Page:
I was really excited to receive a new Foldscope kit recently, and after corresponding with Manu online, we agreed that butterfly scales represent a nice project that others can easily get involved with! Here are some previous posts on the subject: https://microcosmos.foldscope.com/?p=10080, & https://microcosmos.foldscope.com/?p=16562
Here’s magnification of a butterfly eyespot and through the lens of a #Foldscope below,
Butterflies are known to follow the “one scale, one color” rule, meaning each scale either has a particular pigment deposited to give it a color (like the black and orange), or its shape determines the structural color (like the blue and purple in the eyespot).
— Aaron Pomerantz (@AaronPomerantz) January 16, 2018
One thing I really like about @teamfoldscope is how these low cost tools can be used for science education – here at a quick glance you can get an idea of how butterfly patterns are composed of cellular outgrowths (scales) and how scale morphology plays a role in color production.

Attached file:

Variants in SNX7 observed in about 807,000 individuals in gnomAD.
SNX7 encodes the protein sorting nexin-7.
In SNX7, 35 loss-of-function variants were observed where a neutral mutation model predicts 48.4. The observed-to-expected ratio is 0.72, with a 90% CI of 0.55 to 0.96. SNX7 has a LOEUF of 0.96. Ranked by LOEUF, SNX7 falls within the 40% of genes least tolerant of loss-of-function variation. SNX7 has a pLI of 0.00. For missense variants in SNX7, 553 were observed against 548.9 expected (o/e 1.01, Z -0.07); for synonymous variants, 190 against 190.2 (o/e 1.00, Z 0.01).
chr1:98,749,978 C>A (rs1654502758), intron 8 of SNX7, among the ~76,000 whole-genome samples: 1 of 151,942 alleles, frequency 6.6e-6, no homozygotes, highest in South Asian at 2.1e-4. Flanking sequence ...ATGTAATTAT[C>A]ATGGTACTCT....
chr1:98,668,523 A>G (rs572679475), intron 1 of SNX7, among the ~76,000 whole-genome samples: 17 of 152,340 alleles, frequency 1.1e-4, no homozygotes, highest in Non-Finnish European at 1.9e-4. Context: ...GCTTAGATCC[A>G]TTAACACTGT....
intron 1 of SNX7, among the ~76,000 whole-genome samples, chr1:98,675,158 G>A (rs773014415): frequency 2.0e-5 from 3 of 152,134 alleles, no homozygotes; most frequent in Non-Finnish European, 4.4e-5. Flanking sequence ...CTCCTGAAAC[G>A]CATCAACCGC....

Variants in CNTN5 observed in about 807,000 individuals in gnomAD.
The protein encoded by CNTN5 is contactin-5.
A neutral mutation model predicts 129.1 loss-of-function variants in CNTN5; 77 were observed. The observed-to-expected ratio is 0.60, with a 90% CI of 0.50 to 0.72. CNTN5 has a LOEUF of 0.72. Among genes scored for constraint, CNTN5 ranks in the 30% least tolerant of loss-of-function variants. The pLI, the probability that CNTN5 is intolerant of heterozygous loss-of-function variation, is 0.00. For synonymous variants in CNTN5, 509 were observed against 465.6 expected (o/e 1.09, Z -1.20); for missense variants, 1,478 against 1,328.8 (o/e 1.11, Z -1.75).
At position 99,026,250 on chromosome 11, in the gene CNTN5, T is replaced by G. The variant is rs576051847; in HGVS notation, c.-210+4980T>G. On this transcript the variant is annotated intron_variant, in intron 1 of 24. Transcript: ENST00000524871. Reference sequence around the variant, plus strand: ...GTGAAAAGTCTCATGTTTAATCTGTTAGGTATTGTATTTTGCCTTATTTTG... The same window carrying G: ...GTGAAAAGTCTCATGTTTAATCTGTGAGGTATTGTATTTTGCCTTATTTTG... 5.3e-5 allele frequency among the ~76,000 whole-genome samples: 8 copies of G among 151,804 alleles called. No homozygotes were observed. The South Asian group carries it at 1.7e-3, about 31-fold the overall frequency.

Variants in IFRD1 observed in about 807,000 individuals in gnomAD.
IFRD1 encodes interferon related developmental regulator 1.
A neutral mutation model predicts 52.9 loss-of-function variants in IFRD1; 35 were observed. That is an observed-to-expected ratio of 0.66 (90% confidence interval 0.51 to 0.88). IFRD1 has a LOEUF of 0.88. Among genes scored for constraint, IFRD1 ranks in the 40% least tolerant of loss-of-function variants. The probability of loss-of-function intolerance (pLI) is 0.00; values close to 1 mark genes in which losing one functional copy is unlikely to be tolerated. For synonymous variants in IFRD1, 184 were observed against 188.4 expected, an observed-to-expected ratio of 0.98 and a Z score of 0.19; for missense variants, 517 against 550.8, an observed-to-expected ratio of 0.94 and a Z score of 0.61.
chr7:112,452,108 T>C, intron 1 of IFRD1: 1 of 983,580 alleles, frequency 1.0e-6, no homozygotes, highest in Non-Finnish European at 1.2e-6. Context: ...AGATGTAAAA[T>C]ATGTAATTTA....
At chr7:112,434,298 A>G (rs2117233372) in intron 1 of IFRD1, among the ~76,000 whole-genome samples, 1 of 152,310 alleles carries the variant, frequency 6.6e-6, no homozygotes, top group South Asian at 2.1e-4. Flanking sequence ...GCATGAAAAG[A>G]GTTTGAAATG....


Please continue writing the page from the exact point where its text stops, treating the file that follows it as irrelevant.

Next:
Darker scales arranged in neat rows, showing ground and cover scales.
A black scale filled with melanin pigment.
A blue scale that appears transparent due to the transmitted light.
Orange scales filled with an ommochrome pigment.
Another angle of the blue scales reveals more of their iridescent structural coloration.
Hope you enjoyed, and if you have questions about investigating butterfly scales with the Foldscope in your area, please do get in touch!